MANILA (UPDATE)—Child rights advocates on Wednesday urged authorities to investigate allegations of sexual abuse and harassment at the Philippine High School for the Arts.
The Child Rights Network (CRN) also demanded safe return of students at the state-run boarding school in Laguna due to "apparent lack of accountability against perpetrators of these crimes against children."
"The administrators of PHSA and the agencies that oversee it, including the Department of Education and the Cultural Center of the Philippines, must immediately address the cycle of abuse in this school," the group said in a statement.
"Our very own educational and cultural agencies should not be aiding and abetting the sexual abuse of students."
A Vice World News report has revealed that current and former students had experienced sexual, physical and emotional abuse from the school’s teachers and staff.
In January, current students and alumni also signed a letter urging the PHSA administration to ensure the campus would be safe from abuse.
"We go in blindly, not knowing that this free education comes at a price, unaware of the culture that thrives in PHSA—one that perpetuates abuse, fostered by silencing and neglect,” the letter read.
The CRN said these claims of abuse violate laws aimed at protecting children.
"We call on DepEd, CCP, and the whole government to expedite the investigations, execute comprehensive actions, and ensure that not one more student would be subjected to sexual abuse and harassment," the children's rights group said.
"We also call on the Department of Social Welfare and Development and the Philippine National Police to initiate a thorough investigation on the matter, and ensure that our educational institutions are safe spaces, especially for children."
In response to the viral report, the premiere school for young artists vowed to provide "safe learning environment" for its students.
But the PHSA management described as "unfair" over "sweeping generalization" that the state-run school had become a "haven for abuse".
"As felt by many of our alumni, teachers and staff, some of whom have worked at PHSA for more than 20 years, the sweeping generalization, as shown in the articles portraying the PHSA as haven for abuse, is unfair," the institution said in a statement.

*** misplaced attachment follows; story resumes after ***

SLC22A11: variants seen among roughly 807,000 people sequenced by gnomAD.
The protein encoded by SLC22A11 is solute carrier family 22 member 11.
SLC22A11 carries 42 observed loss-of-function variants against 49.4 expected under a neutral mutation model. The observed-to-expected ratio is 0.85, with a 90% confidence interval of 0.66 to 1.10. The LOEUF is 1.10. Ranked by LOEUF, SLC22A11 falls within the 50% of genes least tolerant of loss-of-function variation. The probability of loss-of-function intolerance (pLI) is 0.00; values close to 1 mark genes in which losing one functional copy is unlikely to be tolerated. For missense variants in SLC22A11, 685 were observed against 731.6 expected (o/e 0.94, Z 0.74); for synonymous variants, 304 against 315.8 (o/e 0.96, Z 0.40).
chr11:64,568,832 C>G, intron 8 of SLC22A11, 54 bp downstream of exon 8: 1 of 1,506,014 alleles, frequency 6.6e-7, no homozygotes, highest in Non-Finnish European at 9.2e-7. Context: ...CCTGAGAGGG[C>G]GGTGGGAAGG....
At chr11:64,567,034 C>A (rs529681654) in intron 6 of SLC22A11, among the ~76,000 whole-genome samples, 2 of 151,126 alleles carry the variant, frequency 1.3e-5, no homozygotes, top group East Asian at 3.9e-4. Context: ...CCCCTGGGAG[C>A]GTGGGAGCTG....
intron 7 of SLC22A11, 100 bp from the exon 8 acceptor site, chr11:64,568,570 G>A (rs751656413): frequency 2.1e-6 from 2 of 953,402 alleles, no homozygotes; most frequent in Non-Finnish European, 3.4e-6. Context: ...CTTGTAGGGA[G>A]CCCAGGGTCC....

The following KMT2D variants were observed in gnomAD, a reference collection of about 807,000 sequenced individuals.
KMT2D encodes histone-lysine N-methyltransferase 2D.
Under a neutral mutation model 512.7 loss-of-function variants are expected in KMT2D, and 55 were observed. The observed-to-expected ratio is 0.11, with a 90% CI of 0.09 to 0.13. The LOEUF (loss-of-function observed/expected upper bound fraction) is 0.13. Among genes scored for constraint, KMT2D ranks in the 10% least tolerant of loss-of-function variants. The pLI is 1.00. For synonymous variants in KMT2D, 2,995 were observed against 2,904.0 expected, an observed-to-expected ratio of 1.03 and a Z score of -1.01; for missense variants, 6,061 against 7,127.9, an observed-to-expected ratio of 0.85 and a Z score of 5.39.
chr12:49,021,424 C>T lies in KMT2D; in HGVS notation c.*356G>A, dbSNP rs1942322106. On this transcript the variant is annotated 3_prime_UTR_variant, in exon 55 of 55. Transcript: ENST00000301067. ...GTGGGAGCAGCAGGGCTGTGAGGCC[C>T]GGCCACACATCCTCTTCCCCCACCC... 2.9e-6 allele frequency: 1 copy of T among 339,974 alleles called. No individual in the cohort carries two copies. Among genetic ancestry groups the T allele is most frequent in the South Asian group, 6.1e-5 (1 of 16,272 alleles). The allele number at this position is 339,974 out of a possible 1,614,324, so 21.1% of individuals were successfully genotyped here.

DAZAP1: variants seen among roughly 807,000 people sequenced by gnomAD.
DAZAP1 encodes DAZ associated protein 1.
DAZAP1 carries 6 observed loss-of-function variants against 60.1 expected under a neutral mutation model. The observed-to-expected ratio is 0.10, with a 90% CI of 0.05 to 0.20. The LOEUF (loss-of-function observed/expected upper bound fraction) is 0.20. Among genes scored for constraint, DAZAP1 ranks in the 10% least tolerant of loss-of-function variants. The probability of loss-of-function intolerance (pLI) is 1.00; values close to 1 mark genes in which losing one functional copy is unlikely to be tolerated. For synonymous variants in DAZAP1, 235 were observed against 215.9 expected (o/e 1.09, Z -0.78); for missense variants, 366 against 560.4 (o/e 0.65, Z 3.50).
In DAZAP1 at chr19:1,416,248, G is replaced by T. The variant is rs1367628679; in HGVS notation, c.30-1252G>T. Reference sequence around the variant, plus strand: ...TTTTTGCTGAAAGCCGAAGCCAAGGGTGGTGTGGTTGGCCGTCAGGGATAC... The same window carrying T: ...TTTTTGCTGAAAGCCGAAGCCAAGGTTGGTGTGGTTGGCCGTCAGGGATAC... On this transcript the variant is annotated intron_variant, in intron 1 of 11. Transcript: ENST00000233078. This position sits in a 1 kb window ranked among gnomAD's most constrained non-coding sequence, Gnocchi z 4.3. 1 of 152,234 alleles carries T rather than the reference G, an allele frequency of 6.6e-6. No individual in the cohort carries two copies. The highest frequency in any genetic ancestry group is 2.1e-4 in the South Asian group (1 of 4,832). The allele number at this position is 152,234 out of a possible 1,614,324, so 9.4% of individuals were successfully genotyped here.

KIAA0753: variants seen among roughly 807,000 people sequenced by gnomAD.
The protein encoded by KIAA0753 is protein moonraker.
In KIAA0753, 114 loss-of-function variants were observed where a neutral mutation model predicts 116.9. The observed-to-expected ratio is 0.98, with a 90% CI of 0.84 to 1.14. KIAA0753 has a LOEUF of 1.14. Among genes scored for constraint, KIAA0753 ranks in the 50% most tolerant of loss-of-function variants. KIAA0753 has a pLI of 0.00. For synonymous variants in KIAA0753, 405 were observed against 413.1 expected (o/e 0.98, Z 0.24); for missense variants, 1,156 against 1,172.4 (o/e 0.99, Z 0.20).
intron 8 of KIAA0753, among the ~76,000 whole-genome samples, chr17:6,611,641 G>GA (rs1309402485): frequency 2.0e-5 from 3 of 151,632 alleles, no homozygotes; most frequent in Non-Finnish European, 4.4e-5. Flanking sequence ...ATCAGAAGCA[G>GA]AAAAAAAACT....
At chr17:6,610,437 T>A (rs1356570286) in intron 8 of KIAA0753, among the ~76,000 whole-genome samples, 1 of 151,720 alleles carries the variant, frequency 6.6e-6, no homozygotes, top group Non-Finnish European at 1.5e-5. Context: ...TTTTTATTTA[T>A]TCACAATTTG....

"But please be assured all our school personnel are working hand in hand towards providing our students a safe learning environment, whether online or in Makiling."
The PHSA said it "sympathizes" with its alumni who complained of past abuses and urged them to file their complaints with the school's designated committees.
The management pledged to further improve measures to ensure the safety and well-being of students. These include prohibiting rehearsals and group activities after curfew hours when in-house classes begin in August.
In a statement to VICE World News, PHSA director Dr. Josue Greg Zuniega took issue with the allegation that the abuses at the state-run high school were continuing.
"The allegations come from past administrations, and for the 2-and-a-half years that our students are in the safety of their own homes, no reported abuses have occurred at the PHSA," he said.
For Sen. Risa Hontiveros, the allegations of sexual abuse and harassment at PHSA is appalling.
"Nakapanlulumo. Bilang may-akda ng Safe Spaces Act, handa kaming makipagtulungan para mabigyang hustisya ang bawat bata na nabiktima ng karahasang ito," she wrote on Twitter.
(It's appalling. As the author of the Safe Spaces Act, we are ready to help give justice to every child who was a victim of this violence.)
The Safe Spaces Act covers all forms of gender-based sexual harassment committed in public spaces, educational or training institutions, workplaces, and online spaces.
"Hindi pwedeng palagpasin ito," Hontiveros said.
(This cannot be condoned.)
The PHSA is an attached agency of the education department. It has yet to comment on the issue.
FROM THE ARCHIVES: